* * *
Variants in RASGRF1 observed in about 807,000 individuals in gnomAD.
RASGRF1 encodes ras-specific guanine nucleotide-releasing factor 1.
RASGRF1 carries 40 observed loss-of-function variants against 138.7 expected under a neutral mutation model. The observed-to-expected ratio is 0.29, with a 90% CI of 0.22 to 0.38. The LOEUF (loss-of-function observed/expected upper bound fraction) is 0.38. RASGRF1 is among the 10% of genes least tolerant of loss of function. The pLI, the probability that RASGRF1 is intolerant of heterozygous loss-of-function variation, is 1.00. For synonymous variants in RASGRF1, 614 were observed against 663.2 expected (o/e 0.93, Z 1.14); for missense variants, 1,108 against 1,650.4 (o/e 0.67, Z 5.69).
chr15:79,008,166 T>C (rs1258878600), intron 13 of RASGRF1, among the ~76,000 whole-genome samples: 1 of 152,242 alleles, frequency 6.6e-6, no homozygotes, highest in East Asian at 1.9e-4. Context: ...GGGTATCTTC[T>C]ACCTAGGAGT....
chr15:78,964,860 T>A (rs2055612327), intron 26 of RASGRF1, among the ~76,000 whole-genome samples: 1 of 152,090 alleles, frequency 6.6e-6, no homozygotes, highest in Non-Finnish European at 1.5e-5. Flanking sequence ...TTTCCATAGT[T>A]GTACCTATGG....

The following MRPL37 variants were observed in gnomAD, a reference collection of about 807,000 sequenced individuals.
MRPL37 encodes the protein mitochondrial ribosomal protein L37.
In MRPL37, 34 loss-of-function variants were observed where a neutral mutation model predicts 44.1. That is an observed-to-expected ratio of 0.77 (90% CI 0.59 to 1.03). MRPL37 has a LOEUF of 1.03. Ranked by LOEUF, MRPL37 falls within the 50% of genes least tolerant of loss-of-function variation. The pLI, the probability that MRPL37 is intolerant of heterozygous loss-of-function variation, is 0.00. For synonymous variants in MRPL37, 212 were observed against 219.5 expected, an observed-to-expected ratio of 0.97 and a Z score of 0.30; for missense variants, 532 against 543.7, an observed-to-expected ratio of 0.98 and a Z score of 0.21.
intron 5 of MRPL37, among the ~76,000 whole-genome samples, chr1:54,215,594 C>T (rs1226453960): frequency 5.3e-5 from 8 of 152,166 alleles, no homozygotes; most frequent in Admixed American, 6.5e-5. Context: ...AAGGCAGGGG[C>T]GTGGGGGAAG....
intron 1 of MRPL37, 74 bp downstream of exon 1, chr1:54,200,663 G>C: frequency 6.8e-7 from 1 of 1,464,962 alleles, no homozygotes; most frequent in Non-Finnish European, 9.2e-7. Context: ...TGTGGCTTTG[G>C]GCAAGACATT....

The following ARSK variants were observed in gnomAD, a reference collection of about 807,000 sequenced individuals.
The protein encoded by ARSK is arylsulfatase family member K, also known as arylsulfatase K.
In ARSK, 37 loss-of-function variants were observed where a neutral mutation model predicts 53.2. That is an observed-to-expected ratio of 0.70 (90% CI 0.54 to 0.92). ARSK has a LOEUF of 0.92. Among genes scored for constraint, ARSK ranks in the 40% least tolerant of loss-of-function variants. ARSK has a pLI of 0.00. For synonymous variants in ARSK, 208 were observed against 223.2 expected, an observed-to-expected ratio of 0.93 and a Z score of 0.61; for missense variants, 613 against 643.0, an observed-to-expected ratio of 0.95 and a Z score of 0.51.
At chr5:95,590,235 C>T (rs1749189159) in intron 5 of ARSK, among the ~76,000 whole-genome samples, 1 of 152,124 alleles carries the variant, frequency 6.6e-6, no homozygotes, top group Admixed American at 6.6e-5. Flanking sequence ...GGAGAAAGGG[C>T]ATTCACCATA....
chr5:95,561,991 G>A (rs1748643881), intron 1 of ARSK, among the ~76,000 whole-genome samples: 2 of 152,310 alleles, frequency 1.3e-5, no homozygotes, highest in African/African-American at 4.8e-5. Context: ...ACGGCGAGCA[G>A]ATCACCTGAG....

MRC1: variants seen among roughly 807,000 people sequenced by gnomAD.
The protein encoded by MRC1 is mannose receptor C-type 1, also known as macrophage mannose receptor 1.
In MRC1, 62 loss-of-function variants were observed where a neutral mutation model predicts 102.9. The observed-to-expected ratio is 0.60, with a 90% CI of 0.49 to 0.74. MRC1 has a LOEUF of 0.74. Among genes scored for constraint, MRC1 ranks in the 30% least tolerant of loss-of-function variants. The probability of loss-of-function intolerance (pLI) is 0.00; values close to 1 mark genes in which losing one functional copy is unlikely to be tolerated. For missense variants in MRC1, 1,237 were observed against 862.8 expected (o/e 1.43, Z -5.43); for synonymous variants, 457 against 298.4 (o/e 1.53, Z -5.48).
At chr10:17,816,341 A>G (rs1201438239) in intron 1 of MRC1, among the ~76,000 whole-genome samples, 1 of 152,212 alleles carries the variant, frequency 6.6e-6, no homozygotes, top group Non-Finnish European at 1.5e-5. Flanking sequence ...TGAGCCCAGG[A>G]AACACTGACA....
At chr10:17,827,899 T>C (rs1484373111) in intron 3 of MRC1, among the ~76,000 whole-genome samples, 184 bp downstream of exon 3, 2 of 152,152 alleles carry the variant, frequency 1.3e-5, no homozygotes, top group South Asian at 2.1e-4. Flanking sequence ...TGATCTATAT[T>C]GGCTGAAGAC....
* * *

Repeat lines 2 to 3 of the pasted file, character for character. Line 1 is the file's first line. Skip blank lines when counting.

RASGRF1 encodes ras-specific guanine nucleotide-releasing factor 1.
RASGRF1 carries 40 observed loss-of-function variants against 138.7 expected under a neutral mutation model. The observed-to-expected ratio is 0.29, with a 90% CI of 0.22 to 0.38. The LOEUF (loss-of-function observed/expected upper bound fraction) is 0.38. RASGRF1 is among the 10% of genes least tolerant of loss of function. The pLI, the probability that RASGRF1 is intolerant of heterozygous loss-of-function variation, is 1.00. For synonymous variants in RASGRF1, 614 were observed against 663.2 expected (o/e 0.93, Z 1.14); for missense variants, 1,108 against 1,650.4 (o/e 0.67, Z 5.69).